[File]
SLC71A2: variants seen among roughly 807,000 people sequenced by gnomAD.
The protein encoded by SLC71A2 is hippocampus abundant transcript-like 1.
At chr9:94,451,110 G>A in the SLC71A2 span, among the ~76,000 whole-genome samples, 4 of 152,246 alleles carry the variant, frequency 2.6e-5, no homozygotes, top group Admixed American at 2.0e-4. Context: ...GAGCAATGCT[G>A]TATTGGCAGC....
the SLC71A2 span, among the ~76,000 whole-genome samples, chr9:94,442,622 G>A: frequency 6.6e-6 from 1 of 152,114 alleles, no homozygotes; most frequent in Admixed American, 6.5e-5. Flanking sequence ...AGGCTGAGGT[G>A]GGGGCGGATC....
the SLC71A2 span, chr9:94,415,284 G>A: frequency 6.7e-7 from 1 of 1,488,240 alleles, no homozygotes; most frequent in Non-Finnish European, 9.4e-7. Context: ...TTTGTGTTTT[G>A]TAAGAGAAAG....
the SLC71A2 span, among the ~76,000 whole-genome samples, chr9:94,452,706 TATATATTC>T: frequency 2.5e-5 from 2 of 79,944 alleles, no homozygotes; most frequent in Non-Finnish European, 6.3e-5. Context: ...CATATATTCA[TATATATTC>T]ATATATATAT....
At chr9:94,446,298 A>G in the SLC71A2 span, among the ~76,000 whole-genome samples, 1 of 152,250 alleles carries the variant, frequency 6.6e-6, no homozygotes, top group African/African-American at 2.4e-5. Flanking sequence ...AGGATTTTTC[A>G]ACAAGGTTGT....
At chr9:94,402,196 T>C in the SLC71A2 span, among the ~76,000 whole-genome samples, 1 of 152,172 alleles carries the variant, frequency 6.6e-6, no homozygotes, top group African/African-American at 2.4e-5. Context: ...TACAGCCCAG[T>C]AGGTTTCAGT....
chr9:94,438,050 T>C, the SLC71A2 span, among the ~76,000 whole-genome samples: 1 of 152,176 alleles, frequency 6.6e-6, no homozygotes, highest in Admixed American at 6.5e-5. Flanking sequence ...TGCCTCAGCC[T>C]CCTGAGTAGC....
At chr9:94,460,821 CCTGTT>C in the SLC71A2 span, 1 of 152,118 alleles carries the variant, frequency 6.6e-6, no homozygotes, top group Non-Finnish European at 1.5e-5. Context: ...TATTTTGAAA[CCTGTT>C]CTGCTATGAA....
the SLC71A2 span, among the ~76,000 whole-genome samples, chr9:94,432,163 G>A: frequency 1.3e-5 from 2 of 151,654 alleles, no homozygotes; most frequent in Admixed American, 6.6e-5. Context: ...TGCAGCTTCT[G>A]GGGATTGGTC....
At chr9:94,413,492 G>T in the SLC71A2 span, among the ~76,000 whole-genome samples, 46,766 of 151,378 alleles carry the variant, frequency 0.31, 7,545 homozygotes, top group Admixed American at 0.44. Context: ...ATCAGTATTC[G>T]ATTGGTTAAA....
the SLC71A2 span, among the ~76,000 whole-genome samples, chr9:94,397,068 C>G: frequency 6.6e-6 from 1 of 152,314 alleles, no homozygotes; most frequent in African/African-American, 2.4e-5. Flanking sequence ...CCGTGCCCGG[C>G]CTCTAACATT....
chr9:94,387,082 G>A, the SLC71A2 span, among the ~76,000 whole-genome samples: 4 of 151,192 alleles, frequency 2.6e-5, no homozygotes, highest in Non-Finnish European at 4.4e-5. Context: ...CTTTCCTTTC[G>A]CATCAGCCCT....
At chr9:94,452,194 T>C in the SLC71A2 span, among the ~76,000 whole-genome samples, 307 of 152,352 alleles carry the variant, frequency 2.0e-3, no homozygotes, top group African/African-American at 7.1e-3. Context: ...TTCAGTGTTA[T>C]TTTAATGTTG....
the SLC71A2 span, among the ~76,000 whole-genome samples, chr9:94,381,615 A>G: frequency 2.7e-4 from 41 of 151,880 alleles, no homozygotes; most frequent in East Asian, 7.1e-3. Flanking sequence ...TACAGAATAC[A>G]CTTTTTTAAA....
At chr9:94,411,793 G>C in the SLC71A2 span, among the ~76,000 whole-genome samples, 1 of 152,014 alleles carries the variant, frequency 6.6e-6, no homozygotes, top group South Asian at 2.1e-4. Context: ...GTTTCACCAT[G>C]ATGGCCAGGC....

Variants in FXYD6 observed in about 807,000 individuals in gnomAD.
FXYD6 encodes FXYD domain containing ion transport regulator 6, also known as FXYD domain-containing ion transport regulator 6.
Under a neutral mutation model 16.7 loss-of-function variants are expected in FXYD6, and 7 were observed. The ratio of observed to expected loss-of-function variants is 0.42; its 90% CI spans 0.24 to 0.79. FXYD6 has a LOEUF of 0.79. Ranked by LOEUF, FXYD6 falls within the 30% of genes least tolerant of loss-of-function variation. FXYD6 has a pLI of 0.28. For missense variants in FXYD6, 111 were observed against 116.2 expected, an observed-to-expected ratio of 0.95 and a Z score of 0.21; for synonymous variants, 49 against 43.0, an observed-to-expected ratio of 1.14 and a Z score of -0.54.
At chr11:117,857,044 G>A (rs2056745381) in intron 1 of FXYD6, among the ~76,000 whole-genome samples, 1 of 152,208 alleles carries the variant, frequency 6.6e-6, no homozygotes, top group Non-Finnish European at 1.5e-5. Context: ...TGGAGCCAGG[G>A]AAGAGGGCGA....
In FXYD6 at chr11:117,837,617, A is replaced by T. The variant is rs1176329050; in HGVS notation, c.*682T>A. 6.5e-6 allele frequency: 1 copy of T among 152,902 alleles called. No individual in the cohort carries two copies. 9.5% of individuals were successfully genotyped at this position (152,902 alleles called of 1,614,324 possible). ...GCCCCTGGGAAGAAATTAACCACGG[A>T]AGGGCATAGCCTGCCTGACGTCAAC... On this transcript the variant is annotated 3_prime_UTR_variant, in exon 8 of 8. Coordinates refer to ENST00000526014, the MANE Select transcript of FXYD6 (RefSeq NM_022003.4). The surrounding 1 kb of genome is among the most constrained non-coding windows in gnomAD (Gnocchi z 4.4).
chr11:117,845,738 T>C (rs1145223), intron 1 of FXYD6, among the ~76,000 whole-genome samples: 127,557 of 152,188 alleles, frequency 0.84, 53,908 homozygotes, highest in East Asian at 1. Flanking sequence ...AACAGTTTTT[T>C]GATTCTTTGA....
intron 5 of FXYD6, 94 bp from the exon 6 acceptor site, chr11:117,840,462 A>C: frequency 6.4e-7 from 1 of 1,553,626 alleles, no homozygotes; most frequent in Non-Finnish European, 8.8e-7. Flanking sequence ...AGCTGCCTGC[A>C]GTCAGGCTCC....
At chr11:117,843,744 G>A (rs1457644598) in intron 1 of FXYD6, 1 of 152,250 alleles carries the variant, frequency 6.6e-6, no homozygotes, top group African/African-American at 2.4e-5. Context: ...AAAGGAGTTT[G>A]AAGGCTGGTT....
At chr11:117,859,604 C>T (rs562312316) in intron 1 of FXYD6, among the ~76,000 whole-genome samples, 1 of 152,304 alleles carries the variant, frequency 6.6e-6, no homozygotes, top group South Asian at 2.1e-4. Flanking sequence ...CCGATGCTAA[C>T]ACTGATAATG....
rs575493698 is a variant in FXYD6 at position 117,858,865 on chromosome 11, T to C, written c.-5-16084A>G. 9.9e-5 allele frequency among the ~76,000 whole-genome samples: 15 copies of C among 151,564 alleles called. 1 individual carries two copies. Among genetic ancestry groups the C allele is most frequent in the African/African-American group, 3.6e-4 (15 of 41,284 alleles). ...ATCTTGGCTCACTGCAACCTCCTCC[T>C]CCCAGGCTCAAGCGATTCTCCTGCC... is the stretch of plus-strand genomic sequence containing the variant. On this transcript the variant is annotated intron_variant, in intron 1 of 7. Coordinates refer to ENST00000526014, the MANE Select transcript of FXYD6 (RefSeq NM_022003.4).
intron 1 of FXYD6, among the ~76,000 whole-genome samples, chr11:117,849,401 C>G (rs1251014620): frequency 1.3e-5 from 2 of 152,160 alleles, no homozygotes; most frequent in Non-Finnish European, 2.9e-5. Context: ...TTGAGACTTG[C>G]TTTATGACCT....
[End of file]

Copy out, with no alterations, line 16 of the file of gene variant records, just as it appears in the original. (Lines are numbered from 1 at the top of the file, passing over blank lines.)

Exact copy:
the SLC71A2 span, among the ~76,000 whole-genome samples, chr9:94,381,615 A>G: frequency 2.7e-4 from 41 of 151,880 alleles, no homozygotes; most frequent in East Asian, 7.1e-3. Flanking sequence ...TACAGAATAC[A>G]CTTTTTTAAA....